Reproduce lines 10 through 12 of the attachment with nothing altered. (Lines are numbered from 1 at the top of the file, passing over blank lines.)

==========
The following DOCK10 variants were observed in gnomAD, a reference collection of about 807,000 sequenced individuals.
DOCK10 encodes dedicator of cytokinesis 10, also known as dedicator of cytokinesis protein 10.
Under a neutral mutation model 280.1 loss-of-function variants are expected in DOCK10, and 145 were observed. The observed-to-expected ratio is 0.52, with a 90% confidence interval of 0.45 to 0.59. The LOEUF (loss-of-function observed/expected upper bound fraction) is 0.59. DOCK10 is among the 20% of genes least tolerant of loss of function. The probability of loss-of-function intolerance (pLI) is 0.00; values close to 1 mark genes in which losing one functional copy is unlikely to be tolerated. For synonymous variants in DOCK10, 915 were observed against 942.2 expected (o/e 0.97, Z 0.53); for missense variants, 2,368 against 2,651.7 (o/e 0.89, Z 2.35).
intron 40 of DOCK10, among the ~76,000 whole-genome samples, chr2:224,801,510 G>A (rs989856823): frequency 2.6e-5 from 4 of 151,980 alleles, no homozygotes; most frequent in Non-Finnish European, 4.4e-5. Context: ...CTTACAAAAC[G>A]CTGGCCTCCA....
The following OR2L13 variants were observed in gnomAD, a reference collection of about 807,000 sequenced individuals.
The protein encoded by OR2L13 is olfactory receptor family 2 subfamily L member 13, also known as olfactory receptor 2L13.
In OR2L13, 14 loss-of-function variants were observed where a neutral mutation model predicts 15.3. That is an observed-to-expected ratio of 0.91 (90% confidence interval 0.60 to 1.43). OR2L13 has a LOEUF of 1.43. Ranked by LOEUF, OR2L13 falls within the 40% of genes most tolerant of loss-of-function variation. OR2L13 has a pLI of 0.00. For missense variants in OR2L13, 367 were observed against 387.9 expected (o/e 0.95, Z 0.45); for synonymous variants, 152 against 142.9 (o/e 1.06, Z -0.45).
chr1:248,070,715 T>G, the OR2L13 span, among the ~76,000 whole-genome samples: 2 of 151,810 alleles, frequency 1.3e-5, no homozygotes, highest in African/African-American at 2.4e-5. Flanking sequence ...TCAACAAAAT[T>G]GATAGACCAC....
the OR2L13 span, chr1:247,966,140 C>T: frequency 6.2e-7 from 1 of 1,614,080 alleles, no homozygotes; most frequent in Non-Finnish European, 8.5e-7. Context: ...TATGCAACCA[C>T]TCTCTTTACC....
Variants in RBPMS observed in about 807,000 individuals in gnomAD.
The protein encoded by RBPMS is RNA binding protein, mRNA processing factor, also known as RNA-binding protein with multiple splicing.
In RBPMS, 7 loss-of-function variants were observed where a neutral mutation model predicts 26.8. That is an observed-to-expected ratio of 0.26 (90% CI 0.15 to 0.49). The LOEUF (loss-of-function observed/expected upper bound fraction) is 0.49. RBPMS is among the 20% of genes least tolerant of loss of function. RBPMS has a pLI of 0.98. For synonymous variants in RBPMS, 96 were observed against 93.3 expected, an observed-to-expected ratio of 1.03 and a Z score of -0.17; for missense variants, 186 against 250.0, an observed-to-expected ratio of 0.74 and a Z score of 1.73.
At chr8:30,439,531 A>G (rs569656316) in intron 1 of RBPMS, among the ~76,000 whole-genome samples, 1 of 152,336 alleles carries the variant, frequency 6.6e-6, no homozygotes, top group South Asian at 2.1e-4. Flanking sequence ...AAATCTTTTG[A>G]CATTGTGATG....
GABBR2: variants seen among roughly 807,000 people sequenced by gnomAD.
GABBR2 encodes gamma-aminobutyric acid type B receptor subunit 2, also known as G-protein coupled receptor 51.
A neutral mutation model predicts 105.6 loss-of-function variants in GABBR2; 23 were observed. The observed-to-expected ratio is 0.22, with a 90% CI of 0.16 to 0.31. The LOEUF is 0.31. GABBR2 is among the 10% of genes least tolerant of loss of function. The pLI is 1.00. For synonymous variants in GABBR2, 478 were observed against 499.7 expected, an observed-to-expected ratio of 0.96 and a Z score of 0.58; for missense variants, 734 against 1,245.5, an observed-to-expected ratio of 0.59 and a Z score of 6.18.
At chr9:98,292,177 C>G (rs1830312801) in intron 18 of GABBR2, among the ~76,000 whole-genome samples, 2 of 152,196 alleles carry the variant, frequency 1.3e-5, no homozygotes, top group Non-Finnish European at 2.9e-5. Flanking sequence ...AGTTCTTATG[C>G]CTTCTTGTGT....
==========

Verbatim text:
Variants in RBPMS observed in about 807,000 individuals in gnomAD.
The protein encoded by RBPMS is RNA binding protein, mRNA processing factor, also known as RNA-binding protein with multiple splicing.
In RBPMS, 7 loss-of-function variants were observed where a neutral mutation model predicts 26.8. That is an observed-to-expected ratio of 0.26 (90% CI 0.15 to 0.49). The LOEUF (loss-of-function observed/expected upper bound fraction) is 0.49. RBPMS is among the 20% of genes least tolerant of loss of function. RBPMS has a pLI of 0.98. For synonymous variants in RBPMS, 96 were observed against 93.3 expected, an observed-to-expected ratio of 1.03 and a Z score of -0.17; for missense variants, 186 against 250.0, an observed-to-expected ratio of 0.74 and a Z score of 1.73.